This year’s PNCFL Nominee for ACTFL Teacher of the Year is Michele Whaley. Michele is a 30-year Russian-teaching veteran in the Anchorage School District in Alaska. She is the both the first Russian teacher and the first Alaskan teacher to take the stage as a regional finalist for ACTFL Teacher of the Year! Michele is also the reason that you are reading this blog–the only reason that I know anything about comprehensible input is because I observed Michele and she took me under her wing. She is the most kind and genuine person that I have ever met, and I am so glad to call her a friend.
This is the third of five posts featuring the regional nominees for ACTFL Teacher of the Year. To celebrate Michele, please leave a comment on the post with a word of encouragement, a connection that you share, or something that stood out to you while reading her responses to my 10 getting-to-know-you questions!
Why did you decide to become a language teacher?
I have always been fascinated by what makes people learn to communicate, what helps them acquire, whether they’re babies who are kicking their feet as they take conversation “turns,” or polyglot adults who speak all the languages in regions that surround their own. Additionally, I felt that I failed miserably as a young (high-school) language learner, and yet I was fascinated by languages. I wanted to find ways to make language acquisition work.
What is your favorite memory as a language learner?
My favorite memory is when I was an adult language student in Russia. I had been struggling with imperatives in the classroom, and was nervous about having to ask someone to repair my shoes. But first, I had to find the shoe repair shop, somewhere behind GUM (on Red Square in Moscow). I asked a woman, who gave me rapid fire directions to the shop. I was hoping I could both remember and follow her words, when another passer-by approached me and asked for directions to the same spot. I repeated the same three sentences I had just heard, and then was able to follow her as she set off at a run for the store. I was very proud of my achievement: being able to hold those words in my head long enough to repeat them accurately.
What is your favorite word in your target language?
One favorite Russian word is dastaprimechatelnosti, because it has been my students’ favorite word for decades. It means “important sites (in a city or nation),” and students seem to learn it immediately because it rolls off their lips right away, even when I don’t ever ask them to say it. Their joy in “eating” the word has passed on to me.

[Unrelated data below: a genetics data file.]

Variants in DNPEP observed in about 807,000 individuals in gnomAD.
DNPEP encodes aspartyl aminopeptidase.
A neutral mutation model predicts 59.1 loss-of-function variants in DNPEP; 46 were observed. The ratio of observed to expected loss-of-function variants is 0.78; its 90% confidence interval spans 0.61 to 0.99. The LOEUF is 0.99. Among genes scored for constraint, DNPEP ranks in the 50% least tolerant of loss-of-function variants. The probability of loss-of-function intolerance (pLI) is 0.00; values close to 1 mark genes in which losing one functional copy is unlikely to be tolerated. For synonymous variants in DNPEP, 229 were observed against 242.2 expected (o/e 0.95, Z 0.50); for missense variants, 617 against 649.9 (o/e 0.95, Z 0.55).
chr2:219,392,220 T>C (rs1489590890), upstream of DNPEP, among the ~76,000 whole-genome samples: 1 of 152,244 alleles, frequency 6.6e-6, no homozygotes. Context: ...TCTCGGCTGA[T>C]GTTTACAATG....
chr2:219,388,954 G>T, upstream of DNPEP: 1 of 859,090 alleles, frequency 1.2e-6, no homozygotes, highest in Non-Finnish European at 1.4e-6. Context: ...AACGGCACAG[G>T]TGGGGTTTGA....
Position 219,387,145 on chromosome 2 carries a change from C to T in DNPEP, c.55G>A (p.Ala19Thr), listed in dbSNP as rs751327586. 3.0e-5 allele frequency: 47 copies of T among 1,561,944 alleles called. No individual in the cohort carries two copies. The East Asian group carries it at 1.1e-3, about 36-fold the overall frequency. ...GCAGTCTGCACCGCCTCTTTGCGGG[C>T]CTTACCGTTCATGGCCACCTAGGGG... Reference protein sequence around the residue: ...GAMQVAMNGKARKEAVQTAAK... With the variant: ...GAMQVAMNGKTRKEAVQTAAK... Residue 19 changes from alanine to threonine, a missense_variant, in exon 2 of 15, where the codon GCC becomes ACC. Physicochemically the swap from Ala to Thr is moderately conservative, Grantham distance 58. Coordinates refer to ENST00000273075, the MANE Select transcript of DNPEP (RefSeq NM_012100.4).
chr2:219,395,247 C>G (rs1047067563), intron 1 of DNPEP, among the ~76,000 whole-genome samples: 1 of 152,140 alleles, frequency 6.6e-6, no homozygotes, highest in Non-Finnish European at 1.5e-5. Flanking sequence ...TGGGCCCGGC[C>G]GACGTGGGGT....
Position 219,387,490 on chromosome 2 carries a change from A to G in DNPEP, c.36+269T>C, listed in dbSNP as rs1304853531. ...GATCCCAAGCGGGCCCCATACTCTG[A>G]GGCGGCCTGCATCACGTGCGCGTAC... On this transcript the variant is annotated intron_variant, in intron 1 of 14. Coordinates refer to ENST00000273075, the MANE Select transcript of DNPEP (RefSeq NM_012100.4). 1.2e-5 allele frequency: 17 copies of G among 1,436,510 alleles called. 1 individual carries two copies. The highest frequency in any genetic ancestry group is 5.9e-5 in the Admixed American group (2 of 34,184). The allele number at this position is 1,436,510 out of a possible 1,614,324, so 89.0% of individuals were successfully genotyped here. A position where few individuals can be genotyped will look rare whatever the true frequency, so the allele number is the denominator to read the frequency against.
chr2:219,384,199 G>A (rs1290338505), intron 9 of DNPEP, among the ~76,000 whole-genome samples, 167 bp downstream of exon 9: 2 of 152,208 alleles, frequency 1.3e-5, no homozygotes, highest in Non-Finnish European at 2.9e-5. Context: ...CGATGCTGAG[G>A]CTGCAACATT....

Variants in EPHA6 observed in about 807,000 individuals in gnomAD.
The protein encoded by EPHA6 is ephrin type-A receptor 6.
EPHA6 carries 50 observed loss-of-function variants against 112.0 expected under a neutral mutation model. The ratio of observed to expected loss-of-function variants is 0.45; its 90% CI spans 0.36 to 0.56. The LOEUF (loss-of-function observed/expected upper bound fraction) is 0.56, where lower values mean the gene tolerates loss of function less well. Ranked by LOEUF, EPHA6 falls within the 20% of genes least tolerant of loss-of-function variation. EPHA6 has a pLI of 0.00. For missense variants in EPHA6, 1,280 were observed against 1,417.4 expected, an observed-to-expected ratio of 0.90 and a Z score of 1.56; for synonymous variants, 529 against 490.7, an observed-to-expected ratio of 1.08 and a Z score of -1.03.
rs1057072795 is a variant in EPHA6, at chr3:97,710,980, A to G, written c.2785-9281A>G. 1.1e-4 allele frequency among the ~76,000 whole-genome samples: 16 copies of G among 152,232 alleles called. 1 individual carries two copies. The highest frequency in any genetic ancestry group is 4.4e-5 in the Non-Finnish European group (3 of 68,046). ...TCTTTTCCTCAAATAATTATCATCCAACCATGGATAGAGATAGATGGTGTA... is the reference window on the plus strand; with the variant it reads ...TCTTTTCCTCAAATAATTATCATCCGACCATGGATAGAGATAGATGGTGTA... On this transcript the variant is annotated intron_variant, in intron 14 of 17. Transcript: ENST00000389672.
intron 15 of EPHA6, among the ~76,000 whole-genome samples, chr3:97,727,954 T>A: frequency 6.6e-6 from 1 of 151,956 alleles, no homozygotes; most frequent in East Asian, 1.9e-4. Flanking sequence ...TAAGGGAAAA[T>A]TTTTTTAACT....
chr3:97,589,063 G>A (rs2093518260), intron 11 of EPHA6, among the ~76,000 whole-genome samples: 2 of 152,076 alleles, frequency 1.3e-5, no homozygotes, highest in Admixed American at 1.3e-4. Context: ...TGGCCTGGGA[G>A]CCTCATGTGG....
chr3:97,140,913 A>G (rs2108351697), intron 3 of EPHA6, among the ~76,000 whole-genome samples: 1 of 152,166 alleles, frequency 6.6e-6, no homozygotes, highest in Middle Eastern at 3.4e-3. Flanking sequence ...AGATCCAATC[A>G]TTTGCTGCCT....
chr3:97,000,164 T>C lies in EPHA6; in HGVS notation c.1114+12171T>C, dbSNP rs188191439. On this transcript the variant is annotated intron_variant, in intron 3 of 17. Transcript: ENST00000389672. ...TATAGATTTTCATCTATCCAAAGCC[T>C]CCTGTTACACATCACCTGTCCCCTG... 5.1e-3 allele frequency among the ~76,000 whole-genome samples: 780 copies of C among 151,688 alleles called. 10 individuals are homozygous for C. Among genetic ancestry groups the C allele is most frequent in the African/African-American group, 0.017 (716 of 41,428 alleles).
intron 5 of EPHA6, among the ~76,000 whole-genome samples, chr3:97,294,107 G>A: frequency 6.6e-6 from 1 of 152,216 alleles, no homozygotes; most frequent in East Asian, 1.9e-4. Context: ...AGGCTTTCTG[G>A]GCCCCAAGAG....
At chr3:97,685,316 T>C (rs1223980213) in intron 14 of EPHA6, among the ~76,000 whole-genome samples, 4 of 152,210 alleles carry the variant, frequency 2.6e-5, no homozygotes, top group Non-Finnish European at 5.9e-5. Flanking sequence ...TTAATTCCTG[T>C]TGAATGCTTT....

What do you love about teaching?
I love so many aspects of teaching that it’s very hard to answer this question. One of the rewards is when a student recognizes achievement in acquisition. With a comprehensible input approach, students often do not appreciate how much they are learning, because while the required attention and focus is rigorous, they are acquiring language unconsciously and it takes time to recognize their growth. When they suddenly realize the satisfaction that comes from true acquisition (as I did in the example above), it’s wonderful. Even a solemn high school student or an adult learner in a parent Russian class returns to the state of a young learner: proud, enthusiastic, and excited for more.
Describe the best professional development that you have experienced.
Again, this is a very difficult question to answer, because in the last twelve years I have had an overflowing cup of great professional development. But what got me started was a week at my first NTPRS conference, when I realized that as a Russian teacher, I could employ the same techniques that others were using to achieve great results. More importantly, I found a community of teachers who worked from a philosophy of teaching students language, rather than teaching language to kids. Suddenly, I knew how to have a better connection with everyone in my life, including students. I love using Russian to get to know the kids in my classes.
Share one of your favorite memories from class.